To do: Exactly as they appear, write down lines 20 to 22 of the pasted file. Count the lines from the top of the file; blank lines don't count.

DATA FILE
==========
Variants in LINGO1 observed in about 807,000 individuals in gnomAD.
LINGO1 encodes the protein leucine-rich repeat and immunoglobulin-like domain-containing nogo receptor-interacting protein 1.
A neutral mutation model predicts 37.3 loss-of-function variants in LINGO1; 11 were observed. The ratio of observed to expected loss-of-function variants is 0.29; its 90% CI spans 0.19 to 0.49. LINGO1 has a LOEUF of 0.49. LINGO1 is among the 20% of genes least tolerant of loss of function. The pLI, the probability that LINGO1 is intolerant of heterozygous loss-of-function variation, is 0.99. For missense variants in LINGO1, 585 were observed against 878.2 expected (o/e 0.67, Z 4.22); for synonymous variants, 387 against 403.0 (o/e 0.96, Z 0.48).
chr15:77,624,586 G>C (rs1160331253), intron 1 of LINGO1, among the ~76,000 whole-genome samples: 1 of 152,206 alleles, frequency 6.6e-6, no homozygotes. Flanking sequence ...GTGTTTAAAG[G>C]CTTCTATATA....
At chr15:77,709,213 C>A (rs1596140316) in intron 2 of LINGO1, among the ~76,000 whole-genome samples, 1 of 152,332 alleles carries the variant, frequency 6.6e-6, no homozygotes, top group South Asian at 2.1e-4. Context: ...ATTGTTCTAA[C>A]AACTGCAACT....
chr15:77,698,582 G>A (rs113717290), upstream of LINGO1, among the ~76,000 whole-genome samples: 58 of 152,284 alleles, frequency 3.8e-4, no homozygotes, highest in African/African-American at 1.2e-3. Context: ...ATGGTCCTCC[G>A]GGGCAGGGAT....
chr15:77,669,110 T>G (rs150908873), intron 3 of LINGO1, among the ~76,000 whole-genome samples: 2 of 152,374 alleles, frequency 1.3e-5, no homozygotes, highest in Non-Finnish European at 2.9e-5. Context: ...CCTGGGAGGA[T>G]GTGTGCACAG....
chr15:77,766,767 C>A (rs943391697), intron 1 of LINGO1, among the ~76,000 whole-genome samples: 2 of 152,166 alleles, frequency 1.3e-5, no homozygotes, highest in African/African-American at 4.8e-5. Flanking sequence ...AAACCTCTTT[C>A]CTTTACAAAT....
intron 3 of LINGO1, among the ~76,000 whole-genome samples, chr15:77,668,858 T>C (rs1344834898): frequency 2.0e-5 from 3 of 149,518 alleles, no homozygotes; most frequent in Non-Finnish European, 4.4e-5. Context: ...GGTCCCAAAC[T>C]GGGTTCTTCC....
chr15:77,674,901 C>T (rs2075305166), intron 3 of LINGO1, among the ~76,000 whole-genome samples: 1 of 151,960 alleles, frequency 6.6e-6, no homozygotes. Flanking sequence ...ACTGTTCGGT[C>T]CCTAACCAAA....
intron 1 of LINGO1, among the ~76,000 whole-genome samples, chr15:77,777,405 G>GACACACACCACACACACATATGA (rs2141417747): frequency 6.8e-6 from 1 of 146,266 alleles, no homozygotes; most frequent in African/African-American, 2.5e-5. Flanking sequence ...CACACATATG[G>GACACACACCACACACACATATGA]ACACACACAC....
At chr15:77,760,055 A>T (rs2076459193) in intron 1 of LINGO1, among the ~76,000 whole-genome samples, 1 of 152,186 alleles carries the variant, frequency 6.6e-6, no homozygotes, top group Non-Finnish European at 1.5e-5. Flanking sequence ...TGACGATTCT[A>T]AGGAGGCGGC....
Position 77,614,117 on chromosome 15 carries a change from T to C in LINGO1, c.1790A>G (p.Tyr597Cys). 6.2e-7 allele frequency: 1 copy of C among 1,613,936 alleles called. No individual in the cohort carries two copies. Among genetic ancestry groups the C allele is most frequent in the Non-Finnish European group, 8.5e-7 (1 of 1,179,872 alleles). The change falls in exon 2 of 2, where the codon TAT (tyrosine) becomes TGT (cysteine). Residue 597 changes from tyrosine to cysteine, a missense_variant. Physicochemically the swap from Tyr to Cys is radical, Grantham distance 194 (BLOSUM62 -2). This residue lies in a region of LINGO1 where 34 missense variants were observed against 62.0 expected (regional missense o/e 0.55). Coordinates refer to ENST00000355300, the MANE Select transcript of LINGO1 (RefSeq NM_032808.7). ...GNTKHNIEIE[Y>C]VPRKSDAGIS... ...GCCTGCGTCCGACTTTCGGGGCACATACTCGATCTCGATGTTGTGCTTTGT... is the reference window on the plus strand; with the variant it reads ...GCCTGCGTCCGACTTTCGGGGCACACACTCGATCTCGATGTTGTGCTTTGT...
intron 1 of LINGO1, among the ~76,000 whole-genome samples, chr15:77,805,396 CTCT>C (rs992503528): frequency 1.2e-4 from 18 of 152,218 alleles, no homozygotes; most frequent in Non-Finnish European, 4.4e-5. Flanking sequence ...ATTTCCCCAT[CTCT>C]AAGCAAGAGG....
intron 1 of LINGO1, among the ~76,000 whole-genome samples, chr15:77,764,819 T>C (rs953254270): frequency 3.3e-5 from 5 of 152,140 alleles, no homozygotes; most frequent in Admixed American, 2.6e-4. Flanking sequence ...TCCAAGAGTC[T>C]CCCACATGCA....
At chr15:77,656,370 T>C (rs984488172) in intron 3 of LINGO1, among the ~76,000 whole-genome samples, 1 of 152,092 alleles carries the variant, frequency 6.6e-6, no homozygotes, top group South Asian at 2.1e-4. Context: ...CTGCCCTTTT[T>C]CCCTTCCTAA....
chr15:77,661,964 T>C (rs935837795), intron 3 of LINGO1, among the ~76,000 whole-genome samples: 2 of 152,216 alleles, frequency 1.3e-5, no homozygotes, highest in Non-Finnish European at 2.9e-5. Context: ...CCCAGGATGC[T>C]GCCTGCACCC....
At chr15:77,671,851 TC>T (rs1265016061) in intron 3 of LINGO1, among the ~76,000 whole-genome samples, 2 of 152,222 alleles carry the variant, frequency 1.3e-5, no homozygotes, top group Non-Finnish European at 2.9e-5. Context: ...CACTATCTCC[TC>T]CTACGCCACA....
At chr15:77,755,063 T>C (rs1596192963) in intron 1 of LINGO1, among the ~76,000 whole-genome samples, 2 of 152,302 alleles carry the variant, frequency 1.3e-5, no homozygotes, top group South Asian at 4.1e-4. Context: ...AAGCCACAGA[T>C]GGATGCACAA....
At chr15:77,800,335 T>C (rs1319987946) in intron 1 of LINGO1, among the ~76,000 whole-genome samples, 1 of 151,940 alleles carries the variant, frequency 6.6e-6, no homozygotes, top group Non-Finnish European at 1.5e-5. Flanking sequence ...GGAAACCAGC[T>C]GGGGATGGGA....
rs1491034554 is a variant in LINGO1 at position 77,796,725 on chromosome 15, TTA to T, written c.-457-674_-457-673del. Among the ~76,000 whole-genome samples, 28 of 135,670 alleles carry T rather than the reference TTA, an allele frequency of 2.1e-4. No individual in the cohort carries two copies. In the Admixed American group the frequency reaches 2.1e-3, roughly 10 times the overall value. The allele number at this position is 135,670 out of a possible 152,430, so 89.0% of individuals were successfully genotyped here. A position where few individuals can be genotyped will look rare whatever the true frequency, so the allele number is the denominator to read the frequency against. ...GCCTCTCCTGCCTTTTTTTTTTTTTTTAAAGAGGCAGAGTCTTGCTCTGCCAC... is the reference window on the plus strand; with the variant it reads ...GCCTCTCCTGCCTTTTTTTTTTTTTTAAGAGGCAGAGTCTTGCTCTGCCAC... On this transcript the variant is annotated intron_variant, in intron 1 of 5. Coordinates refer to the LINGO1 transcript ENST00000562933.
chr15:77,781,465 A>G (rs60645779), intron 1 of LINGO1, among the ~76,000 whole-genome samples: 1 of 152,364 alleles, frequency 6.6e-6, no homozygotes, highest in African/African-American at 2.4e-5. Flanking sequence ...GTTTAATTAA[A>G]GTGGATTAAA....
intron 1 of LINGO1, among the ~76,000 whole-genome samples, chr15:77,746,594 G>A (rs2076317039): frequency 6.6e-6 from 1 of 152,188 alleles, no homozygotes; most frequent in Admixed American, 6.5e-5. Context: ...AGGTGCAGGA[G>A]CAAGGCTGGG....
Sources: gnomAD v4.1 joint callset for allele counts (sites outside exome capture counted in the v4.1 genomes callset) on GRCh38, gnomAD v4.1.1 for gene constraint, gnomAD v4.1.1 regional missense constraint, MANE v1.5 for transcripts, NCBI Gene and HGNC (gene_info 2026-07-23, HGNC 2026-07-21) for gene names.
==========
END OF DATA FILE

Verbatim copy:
At chr15:77,800,335 T>C (rs1319987946) in intron 1 of LINGO1, among the ~76,000 whole-genome samples, 1 of 151,940 alleles carries the variant, frequency 6.6e-6, no homozygotes, top group Non-Finnish European at 1.5e-5. Flanking sequence ...GGAAACCAGC[T>C]GGGGATGGGA....
rs1491034554 is a variant in LINGO1 at position 77,796,725 on chromosome 15, TTA to T, written c.-457-674_-457-673del. Among the ~76,000 whole-genome samples, 28 of 135,670 alleles carry T rather than the reference TTA, an allele frequency of 2.1e-4. No individual in the cohort carries two copies. In the Admixed American group the frequency reaches 2.1e-3, roughly 10 times the overall value. The allele number at this position is 135,670 out of a possible 152,430, so 89.0% of individuals were successfully genotyped here. A position where few individuals can be genotyped will look rare whatever the true frequency, so the allele number is the denominator to read the frequency against. ...GCCTCTCCTGCCTTTTTTTTTTTTTTTAAAGAGGCAGAGTCTTGCTCTGCCAC... is the reference window on the plus strand; with the variant it reads ...GCCTCTCCTGCCTTTTTTTTTTTTTTAAGAGGCAGAGTCTTGCTCTGCCAC... On this transcript the variant is annotated intron_variant, in intron 1 of 5. Coordinates refer to the LINGO1 transcript ENST00000562933.
chr15:77,781,465 A>G (rs60645779), intron 1 of LINGO1, among the ~76,000 whole-genome samples: 1 of 152,364 alleles, frequency 6.6e-6, no homozygotes, highest in African/African-American at 2.4e-5. Flanking sequence ...GTTTAATTAA[A>G]GTGGATTAAA....